ResearchKit was another of the lower-key subjects of interest at the keynote, with Apple hailing the positive impact that it had already had on healthcare in the US, citing its role in the early identification of autism in children. Then, 20 minutes into the keynote, the company announced CareKit, a framework for the development of apps for both carers and self-carers, along with news that the first CareKit app would be for Parkinson’s disease.



As convinced as many attendees were of the very real importance of projects like CareKit, they also knew that it would not be what hogged the following day’s newspaper headlines - and nor would the Watch, which in line with widespread expectations, was not the subject of any new hardware or software developments. Instead, Cook was back to announce various new wrist straps for the device, including Woven Fabric straps and new Sport band colors.

Watchers of the Watch who hadn’t yet taken the plunge with a purchase may have also been pleased to hear that the stylish timepiece just became a bit more attainable, the 38mm Apple Sport Watch now priced at a mere $300 - $50 less than before. Of course, those with their eyes on the 18-karat-gold Apple Watch Edition still face the prospect of a more than $10,000 hole in their bank account.

Cook then moved onto the subject of the Apple TV, stating that there were now more than 5,000 apps for the device available to download. It was then revealed that tvOS was receiving a free update for owners of the latest TV, reducing the amount of on-screen text at the same time as introducing a folder system to empower users to make their home screen even cleaner and better-organized. The new tvOS’s version of Siri also now supports voice dictation for such purposes as searching through apps and password commands.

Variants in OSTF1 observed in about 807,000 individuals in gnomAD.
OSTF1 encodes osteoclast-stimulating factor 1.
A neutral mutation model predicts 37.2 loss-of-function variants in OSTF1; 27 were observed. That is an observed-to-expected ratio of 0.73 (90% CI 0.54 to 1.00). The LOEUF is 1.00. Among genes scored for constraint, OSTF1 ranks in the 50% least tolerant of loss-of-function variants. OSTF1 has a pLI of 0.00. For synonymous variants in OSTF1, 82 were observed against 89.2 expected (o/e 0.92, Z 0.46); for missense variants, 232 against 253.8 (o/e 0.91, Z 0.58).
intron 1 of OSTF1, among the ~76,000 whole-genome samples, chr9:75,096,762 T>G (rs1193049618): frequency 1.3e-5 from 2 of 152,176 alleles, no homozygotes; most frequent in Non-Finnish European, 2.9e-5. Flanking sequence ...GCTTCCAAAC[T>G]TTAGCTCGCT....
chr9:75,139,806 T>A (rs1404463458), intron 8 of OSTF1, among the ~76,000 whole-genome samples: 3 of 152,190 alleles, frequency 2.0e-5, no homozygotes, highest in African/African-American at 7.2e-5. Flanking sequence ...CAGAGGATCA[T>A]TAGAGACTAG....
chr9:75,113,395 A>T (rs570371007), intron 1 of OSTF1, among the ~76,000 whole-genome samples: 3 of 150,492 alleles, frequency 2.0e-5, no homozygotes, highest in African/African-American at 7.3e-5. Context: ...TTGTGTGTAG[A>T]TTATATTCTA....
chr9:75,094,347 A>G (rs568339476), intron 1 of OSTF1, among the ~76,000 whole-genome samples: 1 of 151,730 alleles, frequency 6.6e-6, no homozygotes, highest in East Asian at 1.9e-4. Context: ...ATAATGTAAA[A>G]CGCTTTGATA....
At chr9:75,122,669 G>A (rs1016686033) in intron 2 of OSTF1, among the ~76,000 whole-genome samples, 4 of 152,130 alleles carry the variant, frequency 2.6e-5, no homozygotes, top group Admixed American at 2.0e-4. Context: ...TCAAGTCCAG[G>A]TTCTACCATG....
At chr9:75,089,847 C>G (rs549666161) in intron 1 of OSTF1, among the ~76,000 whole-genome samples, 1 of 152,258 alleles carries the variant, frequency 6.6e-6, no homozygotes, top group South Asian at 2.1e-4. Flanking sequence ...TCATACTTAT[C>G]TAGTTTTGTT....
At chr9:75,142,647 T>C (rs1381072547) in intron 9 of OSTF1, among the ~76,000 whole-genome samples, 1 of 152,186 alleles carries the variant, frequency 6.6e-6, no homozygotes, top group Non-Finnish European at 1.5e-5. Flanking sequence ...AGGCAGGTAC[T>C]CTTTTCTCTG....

Finally, the unveilings that the gathered press corps had truly come to see! About half an hour into the keynote, Apple was ready to start talking about the latest 4-inch iPhone. In the words of Apple’s Vice President of product marketing Greg Joswiak, “Some people simply love smaller phones. And the 4-inch phone is often their first iPhone. Some people asked and pleaded withus. So we’re calling it the iPhone SE. Our mostpowerful 4-inch phone ever.”

Although we will go into more detail about the technical specifications of the iPhone SE in a later issue, it largely resembles a smalleriPhone 5s with some of the 6’s designfeatures. Its choice of space gray, silver and gold metallic finishes is the same as that of the iPhone 6, except that rose gold has also been added. The smaller handset also houses the 6s’s 64-bit A9 chip, so there should be few complaints about performance. The 16GB base model will retail for $399, with the 64GB version rising to $499.

Then, there’s the small matter of the iPad Pro. Again, it represents a bet by Apple that devices fitting its more traditionally favored proportions will be a hit with buyers, its 9.7-inch screen being the same size as the original iPad’s and current iPad Air’s. Purchase a 9.7-inch iPad Pro, then, and you will benefit from many of the 12.9-inch Pro’s most distinctive features, including Apple Pencil support, an A9x processor and four speakers - or “Pro Sound”, to use Apple’s favored term. Prices in the US will start at $599 for the 32GB with Wi-Fi model, while the 32GB Wi-Fi + Cellular model will go for $729. Again, we will cover the new iPad Pro more in-depth in a future issue.